The 'remittance trap': should we be concerned for small Pacific Island countries?

PLEASE NOTE: THE VENUE FOR THIS EVENT HAS CHANGED.
Crawford School of Public Policy | Arndt-Corden Department of Economics
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Event details

ACDE Seminar

Date & time

Tuesday 07 May 2019
2.00pm–3.30pm

Venue

Griffin Room, Level 1, JG Crawford Building 132, Lennox Crossing, ANU

Speaker

Ron Duncan, Emeritus Professor, Crawford School of Public Policy

Contacts

Ross McLeod, Seminar Convener, Arndt-Corden Department of Economics

Cross-country research has shown that while remittances reduce poverty in migrant labour source countries through increased consumption and spending on housing and education, there is little contribution to investment and no—even negative—contribution to economic growth. A recent IMF paper argues that the lack of contribution to growth reflects the Dutch Disease effects of remittance inflows, and that the poverty-reducing impacts reduce the pressure on governments to improve economic governance.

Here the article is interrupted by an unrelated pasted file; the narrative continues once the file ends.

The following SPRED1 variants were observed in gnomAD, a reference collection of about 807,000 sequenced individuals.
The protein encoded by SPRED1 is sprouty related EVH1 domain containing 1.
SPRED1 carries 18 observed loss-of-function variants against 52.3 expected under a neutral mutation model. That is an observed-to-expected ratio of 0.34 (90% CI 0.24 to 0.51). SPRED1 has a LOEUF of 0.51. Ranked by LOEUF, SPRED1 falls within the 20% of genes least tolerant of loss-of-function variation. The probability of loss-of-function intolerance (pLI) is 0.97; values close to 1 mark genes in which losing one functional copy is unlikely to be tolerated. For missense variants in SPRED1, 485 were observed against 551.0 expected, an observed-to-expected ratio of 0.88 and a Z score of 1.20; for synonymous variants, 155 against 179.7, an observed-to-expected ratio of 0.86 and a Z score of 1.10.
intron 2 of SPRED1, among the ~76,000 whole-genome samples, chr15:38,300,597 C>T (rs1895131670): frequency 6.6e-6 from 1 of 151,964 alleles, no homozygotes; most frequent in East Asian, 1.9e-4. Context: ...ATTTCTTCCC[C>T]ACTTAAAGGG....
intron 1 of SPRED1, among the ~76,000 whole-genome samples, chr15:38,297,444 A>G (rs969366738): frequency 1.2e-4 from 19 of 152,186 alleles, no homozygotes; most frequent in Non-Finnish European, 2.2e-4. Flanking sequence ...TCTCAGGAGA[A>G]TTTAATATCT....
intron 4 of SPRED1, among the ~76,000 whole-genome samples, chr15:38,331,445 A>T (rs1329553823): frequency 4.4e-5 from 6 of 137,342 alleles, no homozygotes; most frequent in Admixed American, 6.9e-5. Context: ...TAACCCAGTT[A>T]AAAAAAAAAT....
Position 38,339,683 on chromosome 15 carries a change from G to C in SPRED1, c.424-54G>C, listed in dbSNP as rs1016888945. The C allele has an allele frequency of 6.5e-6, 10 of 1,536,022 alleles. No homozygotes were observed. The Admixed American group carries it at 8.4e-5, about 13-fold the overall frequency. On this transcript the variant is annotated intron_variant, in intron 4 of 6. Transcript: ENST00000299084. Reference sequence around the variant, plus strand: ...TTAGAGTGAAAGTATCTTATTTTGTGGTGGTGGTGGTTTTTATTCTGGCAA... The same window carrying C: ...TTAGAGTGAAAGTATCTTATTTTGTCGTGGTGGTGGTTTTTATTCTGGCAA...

While some small-island Pacific states depend highly upon remittances, others have little to no such dependence. Is this ‘remittance trap’ effect present in the Pacific island countries and, if so, should we be encouraging Pacific island countries (PICs) to take advantage of overseas work—such as through the seasonal worker schemes in Australia and New Zealand? Relatedly, given Dutch Disease effects, should we be promoting remittances in PICs while attempting to promote exports through, for example, PACER Plus?

Updated:  25 June 2019/Responsible Officer:  Crawford Engagement/Page Contact:  CAP Web Team